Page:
Past experience in the Middle East and Southeast Asia has shown that conflict zones can act as a "magnet" for the production of synthetic drugs that can be produced anywhere, the United Nations Office on Drugs and Crime (UNODC) said in its annual report.
"This effect may be stronger when the conflict zone is close to large consumer markets."
The United Nations Office on Drugs and Crime said that the number of liquidated laboratories for the production of amphetamine in Ukraine has increased from 17 in 2019 to 79 in 2020, which is the largest number of liquidated laboratories reported in any other country in 2020.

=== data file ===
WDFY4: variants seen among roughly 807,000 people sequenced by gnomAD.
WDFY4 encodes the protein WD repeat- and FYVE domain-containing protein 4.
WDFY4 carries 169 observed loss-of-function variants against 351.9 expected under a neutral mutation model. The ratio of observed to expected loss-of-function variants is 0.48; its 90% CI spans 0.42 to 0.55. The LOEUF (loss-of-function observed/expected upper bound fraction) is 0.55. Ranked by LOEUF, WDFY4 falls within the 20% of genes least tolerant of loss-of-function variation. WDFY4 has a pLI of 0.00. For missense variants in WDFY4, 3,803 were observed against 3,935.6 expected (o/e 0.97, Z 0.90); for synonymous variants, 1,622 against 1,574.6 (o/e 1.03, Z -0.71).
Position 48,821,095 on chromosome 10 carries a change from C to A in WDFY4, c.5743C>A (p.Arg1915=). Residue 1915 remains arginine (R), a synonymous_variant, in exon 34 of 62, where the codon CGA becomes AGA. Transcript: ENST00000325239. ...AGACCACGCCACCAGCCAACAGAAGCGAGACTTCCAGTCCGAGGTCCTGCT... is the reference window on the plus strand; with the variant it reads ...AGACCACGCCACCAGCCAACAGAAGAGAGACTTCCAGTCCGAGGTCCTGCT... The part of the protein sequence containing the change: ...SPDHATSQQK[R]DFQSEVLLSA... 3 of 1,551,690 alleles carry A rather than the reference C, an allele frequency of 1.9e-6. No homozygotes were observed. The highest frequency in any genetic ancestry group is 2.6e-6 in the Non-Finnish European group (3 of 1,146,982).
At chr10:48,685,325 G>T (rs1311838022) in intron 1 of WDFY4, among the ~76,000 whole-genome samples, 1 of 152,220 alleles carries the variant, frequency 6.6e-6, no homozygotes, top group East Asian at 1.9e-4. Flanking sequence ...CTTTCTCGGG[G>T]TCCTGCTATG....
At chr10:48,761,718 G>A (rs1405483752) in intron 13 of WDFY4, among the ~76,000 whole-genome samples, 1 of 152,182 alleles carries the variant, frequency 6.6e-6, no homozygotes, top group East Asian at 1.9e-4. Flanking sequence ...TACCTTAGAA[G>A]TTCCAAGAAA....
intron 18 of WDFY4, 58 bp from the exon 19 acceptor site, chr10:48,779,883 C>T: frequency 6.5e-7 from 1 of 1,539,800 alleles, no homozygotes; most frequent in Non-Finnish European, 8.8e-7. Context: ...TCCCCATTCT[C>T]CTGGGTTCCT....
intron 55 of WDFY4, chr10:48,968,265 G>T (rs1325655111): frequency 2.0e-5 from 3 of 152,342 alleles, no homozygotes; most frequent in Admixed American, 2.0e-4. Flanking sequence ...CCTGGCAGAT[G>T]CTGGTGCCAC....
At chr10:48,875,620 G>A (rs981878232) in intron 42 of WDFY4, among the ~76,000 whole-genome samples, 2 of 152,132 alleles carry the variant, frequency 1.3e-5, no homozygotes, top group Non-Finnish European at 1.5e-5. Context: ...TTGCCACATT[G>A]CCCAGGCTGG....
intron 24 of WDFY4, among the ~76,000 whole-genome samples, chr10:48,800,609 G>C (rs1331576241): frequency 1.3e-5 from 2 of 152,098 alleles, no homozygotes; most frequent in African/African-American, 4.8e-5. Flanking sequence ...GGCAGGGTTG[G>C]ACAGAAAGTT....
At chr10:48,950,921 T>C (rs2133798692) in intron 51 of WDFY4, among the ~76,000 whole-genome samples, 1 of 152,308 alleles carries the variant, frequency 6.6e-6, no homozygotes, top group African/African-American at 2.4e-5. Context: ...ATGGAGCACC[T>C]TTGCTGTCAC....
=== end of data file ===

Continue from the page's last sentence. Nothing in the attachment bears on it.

Ukraine's capacity to produce synthetic drugs could increase as the war continues, the document said.
"There are no police to patrol and stop such laboratories in conflict zones," UNDP expert Angela Me told AFP.
The report notes that the conflict could change and disrupt drug trafficking routes, suggesting that trafficking in Ukraine has declined since early 2022.
The situation in Afghanistan - which produced 86% of the world's opium in 2021 - will determine the development of the opiate market, the UN report said.
The country's humanitarian crisis could spur illegal opium poppy cultivation, even after the Taliban banned the practice in April.
"Changes in opium production in Afghanistan will affect opiate markets in almost all regions of the world," the UN report said.